Inside the Sugar Terminal in the port of Hamburg, Germany.
Inside the Sugar Terminal in the port of Hamburg, Germany.

Sugar, Space and Speed

Before industrialization started in Europe in the first place, before it changed cities and affected relations between metropolis and periphery both globally and regionally, its fundamental mechanisms had already been established according to famous anthropologist Sydney Mintz - by means of sugar. 

Inside the Sugar Terminal in the port of Hamburg, Germany.

In my ongoing Hamburg-based research, I investigate the long history and contested present of sugar as a global and highly moralized commodity - including its colonial, post-colonial entanglements and the various actors involved: (beet and cane) sugar industry, international traders, the EU, terminal workers, the food industry (served Europe-wide through the port of Hamburg), lobbyists, consumers, EU regulations, governments, and others. I am interested in flow/movements of goods, knowledge, infrastructures, power struggles that can all be traced at the port of Hamburg. 

Thus, I aim to contribute to a better understanding of how the urban and the industrial are interrelated, be they entangled through time, flows of capital, uses of space. Specifically, I deem the global entanglements in “time”, “speed” and “rhythm” highly relevant, as the global sugar market is undergoing fundamental changes since 2017 when the European Sugar Market Regulation was abandoned. An increasing importance of commodity futures, higher volatility in global sugar prices and re-nationalization of support for farmers take place simultaneously with technological/logistical developments such as synchro-modal transportation or smart farming.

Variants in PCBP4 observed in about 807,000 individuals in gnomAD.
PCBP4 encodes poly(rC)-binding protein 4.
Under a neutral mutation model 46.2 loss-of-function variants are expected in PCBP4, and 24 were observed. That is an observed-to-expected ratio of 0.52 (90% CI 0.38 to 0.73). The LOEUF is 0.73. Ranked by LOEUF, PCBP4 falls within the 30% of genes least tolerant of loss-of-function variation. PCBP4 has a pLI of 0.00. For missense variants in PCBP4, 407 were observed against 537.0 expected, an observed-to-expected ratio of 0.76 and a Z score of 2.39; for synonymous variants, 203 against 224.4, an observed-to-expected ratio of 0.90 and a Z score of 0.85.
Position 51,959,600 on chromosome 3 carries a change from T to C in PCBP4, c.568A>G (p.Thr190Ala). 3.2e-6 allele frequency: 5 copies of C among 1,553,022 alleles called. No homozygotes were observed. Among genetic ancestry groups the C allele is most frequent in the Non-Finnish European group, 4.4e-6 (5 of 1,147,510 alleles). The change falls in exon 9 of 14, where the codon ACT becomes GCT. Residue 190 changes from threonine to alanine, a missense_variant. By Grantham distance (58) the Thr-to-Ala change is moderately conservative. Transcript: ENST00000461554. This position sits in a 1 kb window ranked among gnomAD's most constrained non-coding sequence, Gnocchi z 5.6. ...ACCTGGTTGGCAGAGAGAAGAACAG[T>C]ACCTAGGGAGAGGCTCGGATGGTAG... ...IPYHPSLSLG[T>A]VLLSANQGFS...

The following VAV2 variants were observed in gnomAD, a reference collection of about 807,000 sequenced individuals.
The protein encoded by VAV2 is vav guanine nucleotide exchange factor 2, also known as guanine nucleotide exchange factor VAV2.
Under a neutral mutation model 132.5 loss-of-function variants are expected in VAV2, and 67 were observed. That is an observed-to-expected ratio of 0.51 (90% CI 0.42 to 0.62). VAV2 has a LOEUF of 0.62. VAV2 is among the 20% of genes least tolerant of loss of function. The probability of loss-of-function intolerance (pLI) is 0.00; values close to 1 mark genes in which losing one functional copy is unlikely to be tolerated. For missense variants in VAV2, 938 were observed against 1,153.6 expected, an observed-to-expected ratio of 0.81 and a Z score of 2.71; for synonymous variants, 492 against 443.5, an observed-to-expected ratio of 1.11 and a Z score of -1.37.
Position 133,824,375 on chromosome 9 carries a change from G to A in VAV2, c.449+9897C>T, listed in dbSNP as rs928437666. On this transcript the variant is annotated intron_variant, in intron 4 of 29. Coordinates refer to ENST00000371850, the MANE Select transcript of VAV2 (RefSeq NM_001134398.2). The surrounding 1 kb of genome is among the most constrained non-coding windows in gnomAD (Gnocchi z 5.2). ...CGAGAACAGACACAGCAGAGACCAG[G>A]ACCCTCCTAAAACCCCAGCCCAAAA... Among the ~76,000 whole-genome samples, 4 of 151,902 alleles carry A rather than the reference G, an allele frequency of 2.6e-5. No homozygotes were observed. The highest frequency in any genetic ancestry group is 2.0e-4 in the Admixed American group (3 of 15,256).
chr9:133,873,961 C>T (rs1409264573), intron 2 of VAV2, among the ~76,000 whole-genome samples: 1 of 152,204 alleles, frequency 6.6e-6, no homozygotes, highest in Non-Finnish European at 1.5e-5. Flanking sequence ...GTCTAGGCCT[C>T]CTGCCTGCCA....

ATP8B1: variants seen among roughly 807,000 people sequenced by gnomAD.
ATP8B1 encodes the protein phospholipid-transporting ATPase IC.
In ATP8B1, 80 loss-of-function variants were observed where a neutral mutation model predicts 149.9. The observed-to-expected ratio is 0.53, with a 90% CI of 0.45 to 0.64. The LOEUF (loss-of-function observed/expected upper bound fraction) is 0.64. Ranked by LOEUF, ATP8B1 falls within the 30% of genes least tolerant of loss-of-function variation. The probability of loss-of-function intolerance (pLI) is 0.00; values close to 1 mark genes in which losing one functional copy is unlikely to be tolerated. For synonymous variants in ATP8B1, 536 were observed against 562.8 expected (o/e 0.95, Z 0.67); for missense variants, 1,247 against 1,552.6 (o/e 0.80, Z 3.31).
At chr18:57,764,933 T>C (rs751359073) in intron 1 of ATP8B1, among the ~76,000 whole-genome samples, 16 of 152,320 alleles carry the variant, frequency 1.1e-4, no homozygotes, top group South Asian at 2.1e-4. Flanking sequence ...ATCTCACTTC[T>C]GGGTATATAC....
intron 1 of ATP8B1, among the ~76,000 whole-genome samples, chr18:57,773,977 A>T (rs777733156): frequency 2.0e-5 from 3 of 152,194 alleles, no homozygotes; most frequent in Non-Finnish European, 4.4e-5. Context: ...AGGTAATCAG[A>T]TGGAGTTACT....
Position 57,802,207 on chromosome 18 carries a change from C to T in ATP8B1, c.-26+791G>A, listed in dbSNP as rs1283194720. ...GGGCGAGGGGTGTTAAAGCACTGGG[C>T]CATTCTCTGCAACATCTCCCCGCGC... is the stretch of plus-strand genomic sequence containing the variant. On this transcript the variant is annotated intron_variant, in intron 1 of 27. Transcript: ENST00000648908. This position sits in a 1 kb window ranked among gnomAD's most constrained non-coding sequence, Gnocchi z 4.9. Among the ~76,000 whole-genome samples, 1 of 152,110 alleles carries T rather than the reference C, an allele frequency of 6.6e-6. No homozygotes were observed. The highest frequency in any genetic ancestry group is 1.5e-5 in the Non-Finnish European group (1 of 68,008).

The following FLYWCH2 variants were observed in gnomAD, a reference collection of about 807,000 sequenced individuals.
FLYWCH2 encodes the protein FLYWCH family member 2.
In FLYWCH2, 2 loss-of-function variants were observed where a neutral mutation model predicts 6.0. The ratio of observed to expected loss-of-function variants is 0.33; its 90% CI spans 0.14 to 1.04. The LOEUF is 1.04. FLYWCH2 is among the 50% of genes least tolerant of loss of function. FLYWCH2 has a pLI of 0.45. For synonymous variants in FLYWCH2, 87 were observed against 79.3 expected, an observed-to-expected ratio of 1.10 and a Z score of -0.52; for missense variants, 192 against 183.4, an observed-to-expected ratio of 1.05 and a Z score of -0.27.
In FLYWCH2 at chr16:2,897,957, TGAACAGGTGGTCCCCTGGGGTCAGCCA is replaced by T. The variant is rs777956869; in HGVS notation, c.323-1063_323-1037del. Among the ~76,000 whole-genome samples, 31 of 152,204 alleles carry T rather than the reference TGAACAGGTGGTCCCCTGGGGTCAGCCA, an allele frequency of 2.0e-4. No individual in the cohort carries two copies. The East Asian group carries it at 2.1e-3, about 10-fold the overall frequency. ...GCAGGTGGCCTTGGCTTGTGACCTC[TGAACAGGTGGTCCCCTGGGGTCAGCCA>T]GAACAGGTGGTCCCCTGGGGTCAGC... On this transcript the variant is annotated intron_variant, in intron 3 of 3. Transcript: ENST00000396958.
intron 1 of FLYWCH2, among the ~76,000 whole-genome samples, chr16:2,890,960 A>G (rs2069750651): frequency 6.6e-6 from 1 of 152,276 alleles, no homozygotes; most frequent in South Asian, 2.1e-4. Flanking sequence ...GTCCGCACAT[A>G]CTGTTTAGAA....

Actors in the global sugar industry constantly reorganize, their networks and entanglements change as well as the ways in which they use land - in ports, in the hinterland of ports and beyond. Thus, my research includes an exploration of the following dimensions:

  • the allocation of means, resources as well as power relations,

  • the interrelation of space, time and geopolitics,

  • the relation of cities and regions with regard to a particular industry.

In this ethnography of economic and political entanglements that I pursue – one that departs from a mundane substance and every-day commodity such as sugar – sees the port of Hamburg as a node of global movements of commodities and knowledge and the above-mentioned dimensions. 


Researcher: Kerstin Poehls